Since our Summer Newsletter, life in much of Europe is beginning to return to normal and the exit wave in the USA has peaked. This does not mean that the pandemic is over. Cases and deaths are still occurring, but a combination of vaccination and natural immunity has taken the bite out of the epidemic and health systems, at least those with access to vaccinations, are no longer under immediate threat. The fires are dying out for lack of residual combustible material.
We may see a minor resurgence over the winter and the development of new variants remains a potential threat, but it is likely that the acute phase of the pandemic is over in these locations. Covid is likely to continue as an episodic and still potentially severe disease, almost exclusively in the unvaccinated and vulnerable, for some time. We discussed this and other Covid matters in our latest podcast with Professor Ben Cowling, Division Head of the Department of Epidemiology and Biostatistics at the University of Hong Kong.
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As we have previously explained, we have much to learn from countries and locations with different public health strategies. Denmark recently removed all public health restrictions having vaccinated 97% of the population over the age of 60. Whilst other locations are also doing well, the Danish data compares favourably with other European countries which have vaccinated a lower proportion of their elderly. There are other different demographic factors at play but very high levels of vaccination in the most vulnerable and at-risk groups appears to be the most important factor in population terms. As we have previously explained, herd immunity is impossible by vaccination alone. ‘70% to herd immunity’ is misinformation. The key is to develop the highest possible levels of vaccine-induced immunity, especially in the most vulnerable members of the population. This is by far the greatest challenge facing Hong Kong.
The evidence for vaccination is now irrefutable. Of 51,281 deaths in the UK between January and July 2021, only 1.2% were fully vaccinated. In Singapore, as expected, cases are rising as the city transitions to managed disease. There have been 39,702 cases in the last 28 days of which 98.3% have been asymptomatic or mild. Only 0.2% of new cases in Singapore are currently severe. Post-vaccination Covid is effectively a different and milder disease.
Recent research has shown that vaccination in addition to natural infection appears to give significantly better immunity than vaccination alone. We know that vaccination can significantly reduce the incidence of both death and serious disease but also the incidence and complications of Long Covid, which in itself is likely to produce a significant burden on health systems in the coming years. This provides further evidence that high levels of vaccination and managed disease (living with Covid) will be the most effective long-term strategy. We have collated some of the more interesting evolving evidence and research on Covid which we will keep up to date on our website.
As we have previously discussed, all public health interventions are ultimately political in that they involve a balance between the rights and responsibilities of the individual versus those of the population. Ideally, public health interventions should be both evidence-based and proportionate. OT&P has consistently been supportive of the public health response in Hong Kong. 90% of our patients were vaccinated within the first two months of the Hong Kong vaccination program. Hong Kong is a world centre for public health and virology research. In this article, we consider the current quarantine policy and ask whether it is either evidence-based or proportionate. Our answer will be unsurprising to the majority of our patients and indeed the overwhelming body of experts in public health and virology.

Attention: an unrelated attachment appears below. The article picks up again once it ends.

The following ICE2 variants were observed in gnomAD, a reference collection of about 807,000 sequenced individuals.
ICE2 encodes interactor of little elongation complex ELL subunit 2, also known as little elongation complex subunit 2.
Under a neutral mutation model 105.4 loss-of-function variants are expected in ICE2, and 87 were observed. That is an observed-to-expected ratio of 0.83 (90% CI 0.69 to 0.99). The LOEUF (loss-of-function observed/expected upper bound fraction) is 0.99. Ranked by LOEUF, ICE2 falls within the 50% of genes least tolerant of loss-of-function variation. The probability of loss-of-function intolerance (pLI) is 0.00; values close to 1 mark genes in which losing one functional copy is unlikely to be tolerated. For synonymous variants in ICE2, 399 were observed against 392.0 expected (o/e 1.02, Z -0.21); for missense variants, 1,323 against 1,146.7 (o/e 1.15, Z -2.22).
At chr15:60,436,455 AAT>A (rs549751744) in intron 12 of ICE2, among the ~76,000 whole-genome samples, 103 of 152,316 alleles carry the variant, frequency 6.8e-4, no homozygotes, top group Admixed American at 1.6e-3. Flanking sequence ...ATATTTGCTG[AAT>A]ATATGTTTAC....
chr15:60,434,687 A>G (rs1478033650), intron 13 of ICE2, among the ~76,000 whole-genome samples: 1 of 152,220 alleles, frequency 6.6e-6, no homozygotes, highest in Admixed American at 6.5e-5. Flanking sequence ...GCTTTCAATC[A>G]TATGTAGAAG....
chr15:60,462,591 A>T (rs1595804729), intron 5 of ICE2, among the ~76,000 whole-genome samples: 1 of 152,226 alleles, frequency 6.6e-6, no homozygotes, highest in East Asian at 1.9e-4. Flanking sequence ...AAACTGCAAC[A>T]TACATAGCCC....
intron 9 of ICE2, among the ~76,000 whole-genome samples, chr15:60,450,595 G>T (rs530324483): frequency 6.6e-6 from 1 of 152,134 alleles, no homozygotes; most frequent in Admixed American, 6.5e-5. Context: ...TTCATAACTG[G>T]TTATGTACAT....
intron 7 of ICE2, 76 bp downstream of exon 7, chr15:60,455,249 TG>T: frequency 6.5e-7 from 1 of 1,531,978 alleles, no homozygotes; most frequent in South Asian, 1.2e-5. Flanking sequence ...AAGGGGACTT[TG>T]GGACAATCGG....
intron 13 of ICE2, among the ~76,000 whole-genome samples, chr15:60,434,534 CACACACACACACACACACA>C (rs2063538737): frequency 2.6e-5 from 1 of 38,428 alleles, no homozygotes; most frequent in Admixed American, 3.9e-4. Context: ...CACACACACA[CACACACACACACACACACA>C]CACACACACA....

China now has high levels of vaccination and some leading Chinese public health experts are beginning to discuss the levels at which graduated opening will begin. It is impossible to keep Delta out forever. We have argued for some time that Zero Covid is not a long-term sustainable strategy. Ultimately high vaccine coverage and managed disease is the only possible solution. Australia and more recently New Zealand are beginning this transition. We have much to learn from Singapore about transitioning to living with Covid but also from China that has achieved a combination of zero Covid in addition to high vaccine coverage in the elderly and vulnerable. The absolute priority in Hong Kong must be to increase vaccination rates especially in the elderly. This surely must involve a transition away from the negative messaging associated with zero Covid and education around the inevitability of the exit wave that Hong Kong must eventually manage.
Notwithstanding our current zero Covid policy flu vaccination is advisable this year both to protect individuals but also to boost population immunity and avoid the potential impact of a combined flu and exit Covid epidemic. We have flu vaccinations available in all our clinics. You may also wish to try out our online vaccine calculator to assess your current status for other vaccine-preventable illnesses.